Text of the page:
Friday, October 26, 2012

Ownership of Blue Bottle Coffee Changes Hands

Photo by Piotr Redlinski for The New York Times 

Diner Journal

originally posted October 17, 2012 and updated October 18, 2012

Blue Bottle Coffee, the respected California coffee micro-roaster that introduced the Japanese-style siphon bar to San Francisco before opening shops in Chelsea, TriBeCa, Rockefeller Center and Williamsburg, Brooklyn, has a new owner.

According to a filing made with the Securities Exchange Commission, Bryan Meehan is the new president and chief executive of Blue Bottle Coffee Inc., heading a group of investors who purchased a controlling stake in Blue Bottle Coffee LLC for more than $19.6 million. Kohlberg Ventures, which invested in Blue Bottle Coffee in 2008, no longer has a stake in the company.

 The news was reported in TechCrunch, The Wall Street Journal and other news-media outlets.

Mr. Meehan is the Dublin-born entrepreneur behind Fresh & Wild, a London chain of organic markets sold to Whole Foods in 2004, and Nude Skincare, a line of natural beauty products. He now lives in Marin County, Calif., and the Blue Bottle Coffee investment group he leads draws from the Bay Area’s high-tech executives. It includes Tony Conrad, a founding member of True Ventures and the founder of; Kevin Systrom, the co-founder and chief executive of Instagram; Kevin Rose, a general partner at Google Ventures and the founder of Digg; and Mike Volpi, a partner in Index Ventures, formerly of Cisco Systems.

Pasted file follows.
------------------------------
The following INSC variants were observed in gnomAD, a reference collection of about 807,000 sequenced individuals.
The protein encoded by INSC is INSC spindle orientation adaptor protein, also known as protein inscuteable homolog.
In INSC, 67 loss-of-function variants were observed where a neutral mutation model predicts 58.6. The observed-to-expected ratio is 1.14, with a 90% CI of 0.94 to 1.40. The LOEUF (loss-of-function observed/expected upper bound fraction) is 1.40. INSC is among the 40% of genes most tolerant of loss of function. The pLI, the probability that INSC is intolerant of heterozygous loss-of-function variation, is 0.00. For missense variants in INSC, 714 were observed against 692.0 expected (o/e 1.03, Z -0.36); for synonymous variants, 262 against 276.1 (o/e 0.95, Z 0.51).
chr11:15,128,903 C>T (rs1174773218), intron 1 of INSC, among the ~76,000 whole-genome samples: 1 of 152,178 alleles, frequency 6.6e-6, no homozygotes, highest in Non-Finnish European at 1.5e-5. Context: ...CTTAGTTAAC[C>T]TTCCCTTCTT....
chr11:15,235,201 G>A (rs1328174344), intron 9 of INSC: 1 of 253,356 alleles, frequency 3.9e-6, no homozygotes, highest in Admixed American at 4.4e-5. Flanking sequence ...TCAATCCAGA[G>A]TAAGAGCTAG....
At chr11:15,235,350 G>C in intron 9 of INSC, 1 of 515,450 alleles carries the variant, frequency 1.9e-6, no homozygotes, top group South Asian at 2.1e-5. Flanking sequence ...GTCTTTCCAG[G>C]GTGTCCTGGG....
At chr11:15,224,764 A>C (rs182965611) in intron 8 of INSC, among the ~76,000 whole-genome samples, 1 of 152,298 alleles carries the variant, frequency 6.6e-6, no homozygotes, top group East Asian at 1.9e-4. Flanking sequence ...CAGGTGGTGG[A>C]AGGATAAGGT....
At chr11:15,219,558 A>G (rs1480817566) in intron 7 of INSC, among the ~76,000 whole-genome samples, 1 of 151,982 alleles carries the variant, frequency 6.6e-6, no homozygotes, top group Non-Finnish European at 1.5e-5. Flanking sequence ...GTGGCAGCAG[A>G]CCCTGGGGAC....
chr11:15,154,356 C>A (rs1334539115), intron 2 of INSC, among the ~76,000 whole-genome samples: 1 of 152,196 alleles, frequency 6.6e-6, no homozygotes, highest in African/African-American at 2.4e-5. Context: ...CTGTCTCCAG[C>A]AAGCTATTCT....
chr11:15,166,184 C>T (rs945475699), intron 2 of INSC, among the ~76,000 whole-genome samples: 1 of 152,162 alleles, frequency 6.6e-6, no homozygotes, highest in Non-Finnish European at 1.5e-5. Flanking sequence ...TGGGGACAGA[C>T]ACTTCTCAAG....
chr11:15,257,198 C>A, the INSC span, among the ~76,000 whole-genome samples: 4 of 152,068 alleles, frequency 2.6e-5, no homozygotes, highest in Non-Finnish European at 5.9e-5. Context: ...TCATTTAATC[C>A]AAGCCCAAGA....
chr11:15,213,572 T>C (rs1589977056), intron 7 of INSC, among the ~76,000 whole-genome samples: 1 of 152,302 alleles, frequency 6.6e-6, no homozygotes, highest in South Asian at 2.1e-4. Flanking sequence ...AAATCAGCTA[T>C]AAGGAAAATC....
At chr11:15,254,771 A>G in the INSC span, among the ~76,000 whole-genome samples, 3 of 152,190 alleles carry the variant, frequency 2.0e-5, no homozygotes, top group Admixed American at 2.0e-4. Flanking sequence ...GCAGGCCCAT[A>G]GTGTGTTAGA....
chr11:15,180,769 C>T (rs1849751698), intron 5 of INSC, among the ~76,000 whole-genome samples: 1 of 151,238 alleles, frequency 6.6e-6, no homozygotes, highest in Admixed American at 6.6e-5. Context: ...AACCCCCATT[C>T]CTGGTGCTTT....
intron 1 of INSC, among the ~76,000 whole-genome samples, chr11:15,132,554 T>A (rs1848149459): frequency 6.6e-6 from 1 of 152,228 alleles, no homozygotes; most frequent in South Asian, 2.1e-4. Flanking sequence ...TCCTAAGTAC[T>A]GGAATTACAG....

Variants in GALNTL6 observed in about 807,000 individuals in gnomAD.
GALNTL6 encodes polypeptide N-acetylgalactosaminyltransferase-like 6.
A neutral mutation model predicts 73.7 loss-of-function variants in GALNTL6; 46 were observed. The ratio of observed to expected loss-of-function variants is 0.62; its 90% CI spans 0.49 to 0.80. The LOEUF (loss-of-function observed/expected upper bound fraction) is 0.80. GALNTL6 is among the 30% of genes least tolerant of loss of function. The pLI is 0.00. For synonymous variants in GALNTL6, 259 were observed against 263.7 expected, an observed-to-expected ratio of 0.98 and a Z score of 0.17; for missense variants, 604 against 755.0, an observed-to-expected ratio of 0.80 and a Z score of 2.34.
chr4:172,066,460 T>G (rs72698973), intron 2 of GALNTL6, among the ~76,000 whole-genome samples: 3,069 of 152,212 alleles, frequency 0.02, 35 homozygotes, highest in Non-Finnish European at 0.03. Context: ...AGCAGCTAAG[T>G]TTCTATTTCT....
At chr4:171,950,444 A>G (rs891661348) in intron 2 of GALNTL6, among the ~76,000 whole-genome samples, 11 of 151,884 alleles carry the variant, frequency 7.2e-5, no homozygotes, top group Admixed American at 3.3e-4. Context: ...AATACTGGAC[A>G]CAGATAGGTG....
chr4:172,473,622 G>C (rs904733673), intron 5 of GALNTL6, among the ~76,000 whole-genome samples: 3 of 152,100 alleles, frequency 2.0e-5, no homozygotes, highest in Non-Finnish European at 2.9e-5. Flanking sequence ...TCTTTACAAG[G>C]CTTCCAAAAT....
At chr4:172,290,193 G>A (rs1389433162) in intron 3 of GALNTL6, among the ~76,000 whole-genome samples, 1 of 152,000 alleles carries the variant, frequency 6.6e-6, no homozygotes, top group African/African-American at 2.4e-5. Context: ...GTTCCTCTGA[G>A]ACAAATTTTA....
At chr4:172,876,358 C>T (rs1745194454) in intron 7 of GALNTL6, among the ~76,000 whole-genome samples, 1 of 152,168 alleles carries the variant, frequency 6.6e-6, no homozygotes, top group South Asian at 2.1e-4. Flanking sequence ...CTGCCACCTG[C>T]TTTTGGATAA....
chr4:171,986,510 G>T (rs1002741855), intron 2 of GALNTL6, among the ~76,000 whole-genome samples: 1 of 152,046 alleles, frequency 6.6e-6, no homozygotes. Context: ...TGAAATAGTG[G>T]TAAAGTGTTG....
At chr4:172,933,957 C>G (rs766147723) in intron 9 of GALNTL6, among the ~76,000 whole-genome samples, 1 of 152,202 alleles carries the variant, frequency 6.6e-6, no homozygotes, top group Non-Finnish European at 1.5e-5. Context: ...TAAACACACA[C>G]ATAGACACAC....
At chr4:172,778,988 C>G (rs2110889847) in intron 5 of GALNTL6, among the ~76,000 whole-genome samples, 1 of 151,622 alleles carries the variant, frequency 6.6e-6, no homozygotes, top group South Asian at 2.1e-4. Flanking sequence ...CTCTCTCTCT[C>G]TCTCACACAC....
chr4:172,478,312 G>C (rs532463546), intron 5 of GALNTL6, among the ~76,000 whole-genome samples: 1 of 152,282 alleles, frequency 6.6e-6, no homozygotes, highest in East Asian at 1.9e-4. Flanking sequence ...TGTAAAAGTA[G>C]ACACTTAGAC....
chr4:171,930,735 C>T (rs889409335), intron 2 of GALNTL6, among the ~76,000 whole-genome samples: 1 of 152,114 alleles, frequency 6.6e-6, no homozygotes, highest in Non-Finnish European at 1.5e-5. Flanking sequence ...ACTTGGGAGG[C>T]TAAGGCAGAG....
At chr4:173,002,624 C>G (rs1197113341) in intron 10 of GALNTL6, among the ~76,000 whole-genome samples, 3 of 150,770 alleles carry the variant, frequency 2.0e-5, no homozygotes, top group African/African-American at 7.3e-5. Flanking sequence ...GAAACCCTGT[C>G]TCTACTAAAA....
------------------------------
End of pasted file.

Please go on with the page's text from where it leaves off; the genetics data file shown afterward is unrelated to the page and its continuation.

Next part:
But not all of Blue Bottle’s new investors made their fortunes with keyboards: the skateboarder Tony Hawk is listed in a post published on the True Ventures blog last week.

Reached on the phone in Dublin, Mr. Meehan said that James Freeman, the founder of Blue Bottle Coffee, would continue to occupy a central position in the company. “James promised to me that he’s going to spend the rest of his life growing his business,” Mr. Meehan said. “He’s the founder, and he’s still running things. My role will be chairman of the board.”

Ownership and management can be a touchy question in the coffee industry. Many respected roasters were started by coffee enthusiasts who spent years pulling shots and working long shifts. For some, selling a stake in a company is seen as an act of disloyalty.

What happens after the papers are signed depends on the company, of course. Last year, Stumptown Coffee Roasters reached a deal with TSG Consumer Partners, a private equity firm, and the company has steadily expanded since then. Then again, after Doug Zell, the founder of Intelligentsia Coffee and Tea, announced last year that he would become a co-C.E.O. with a former real estate developer, Robert Buono, the company shed most of its senior staff.